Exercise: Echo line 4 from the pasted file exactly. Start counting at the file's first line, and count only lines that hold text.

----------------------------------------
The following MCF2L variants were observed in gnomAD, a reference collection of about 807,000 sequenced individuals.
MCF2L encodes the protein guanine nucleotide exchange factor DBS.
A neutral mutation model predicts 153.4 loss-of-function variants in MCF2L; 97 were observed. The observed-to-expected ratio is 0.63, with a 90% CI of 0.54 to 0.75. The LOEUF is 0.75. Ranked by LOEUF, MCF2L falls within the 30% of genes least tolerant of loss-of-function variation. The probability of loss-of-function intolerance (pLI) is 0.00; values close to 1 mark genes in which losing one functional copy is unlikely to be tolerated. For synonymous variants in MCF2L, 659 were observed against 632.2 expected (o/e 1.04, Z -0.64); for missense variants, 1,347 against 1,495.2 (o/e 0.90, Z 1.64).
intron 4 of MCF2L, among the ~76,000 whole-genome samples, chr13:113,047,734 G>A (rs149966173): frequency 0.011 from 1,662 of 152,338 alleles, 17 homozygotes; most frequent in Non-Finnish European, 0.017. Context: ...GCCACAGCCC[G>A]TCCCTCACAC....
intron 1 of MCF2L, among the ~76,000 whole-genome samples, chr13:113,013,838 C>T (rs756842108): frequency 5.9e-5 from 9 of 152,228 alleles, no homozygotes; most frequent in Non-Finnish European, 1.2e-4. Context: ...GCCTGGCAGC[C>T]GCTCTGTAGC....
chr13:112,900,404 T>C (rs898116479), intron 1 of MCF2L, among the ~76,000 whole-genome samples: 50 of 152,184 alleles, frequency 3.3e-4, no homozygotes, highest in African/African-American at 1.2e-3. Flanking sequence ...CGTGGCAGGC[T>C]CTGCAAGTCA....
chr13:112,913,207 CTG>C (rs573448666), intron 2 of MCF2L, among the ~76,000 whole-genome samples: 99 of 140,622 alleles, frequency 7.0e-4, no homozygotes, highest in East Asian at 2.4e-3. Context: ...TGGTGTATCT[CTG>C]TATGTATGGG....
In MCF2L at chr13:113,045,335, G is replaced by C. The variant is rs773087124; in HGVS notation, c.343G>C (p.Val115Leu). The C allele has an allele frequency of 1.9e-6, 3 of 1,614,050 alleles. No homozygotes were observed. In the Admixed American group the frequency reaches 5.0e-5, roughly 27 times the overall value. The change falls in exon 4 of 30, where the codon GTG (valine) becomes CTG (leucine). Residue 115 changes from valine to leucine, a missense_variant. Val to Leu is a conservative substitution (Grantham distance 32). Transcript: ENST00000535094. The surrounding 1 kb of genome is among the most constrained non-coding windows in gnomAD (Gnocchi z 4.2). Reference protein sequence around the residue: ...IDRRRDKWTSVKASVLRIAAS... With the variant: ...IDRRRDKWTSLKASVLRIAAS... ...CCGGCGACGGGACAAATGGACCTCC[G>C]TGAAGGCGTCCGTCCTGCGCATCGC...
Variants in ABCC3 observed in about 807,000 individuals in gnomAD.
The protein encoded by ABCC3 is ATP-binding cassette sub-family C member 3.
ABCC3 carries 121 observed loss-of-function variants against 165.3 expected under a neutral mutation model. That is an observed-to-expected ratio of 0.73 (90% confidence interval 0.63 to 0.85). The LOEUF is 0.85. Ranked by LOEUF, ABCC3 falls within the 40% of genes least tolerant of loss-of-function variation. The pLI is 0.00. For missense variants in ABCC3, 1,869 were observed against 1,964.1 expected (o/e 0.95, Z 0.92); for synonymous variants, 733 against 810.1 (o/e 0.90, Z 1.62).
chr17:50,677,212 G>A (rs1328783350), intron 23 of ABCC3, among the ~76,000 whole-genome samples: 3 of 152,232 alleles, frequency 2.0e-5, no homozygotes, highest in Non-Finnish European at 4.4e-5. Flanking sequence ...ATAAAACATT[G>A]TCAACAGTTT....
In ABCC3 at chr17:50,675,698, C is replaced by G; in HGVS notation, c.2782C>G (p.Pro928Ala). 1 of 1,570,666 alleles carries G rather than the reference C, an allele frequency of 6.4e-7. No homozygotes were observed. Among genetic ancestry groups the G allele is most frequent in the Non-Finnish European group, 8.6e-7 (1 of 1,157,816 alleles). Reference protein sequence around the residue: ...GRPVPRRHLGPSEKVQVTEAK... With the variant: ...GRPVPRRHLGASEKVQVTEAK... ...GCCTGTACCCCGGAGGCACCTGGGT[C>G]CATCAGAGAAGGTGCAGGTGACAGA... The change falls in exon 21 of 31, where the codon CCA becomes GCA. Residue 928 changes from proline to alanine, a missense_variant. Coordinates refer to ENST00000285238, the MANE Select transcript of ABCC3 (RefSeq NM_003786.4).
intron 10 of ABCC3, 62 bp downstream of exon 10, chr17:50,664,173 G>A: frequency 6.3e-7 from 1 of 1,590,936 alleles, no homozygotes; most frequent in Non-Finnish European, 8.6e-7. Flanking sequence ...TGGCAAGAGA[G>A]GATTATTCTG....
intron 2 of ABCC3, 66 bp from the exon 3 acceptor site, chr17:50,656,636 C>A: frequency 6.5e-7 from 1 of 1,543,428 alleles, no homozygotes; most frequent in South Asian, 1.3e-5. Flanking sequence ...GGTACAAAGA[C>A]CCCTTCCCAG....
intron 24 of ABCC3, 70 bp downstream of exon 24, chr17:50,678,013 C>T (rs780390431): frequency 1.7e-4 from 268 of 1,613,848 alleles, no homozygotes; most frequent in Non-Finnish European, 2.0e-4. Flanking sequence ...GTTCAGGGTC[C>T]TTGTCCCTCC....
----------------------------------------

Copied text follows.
intron 4 of MCF2L, among the ~76,000 whole-genome samples, chr13:113,047,734 G>A (rs149966173): frequency 0.011 from 1,662 of 152,338 alleles, 17 homozygotes; most frequent in Non-Finnish European, 0.017. Context: ...GCCACAGCCC[G>A]TCCCTCACAC....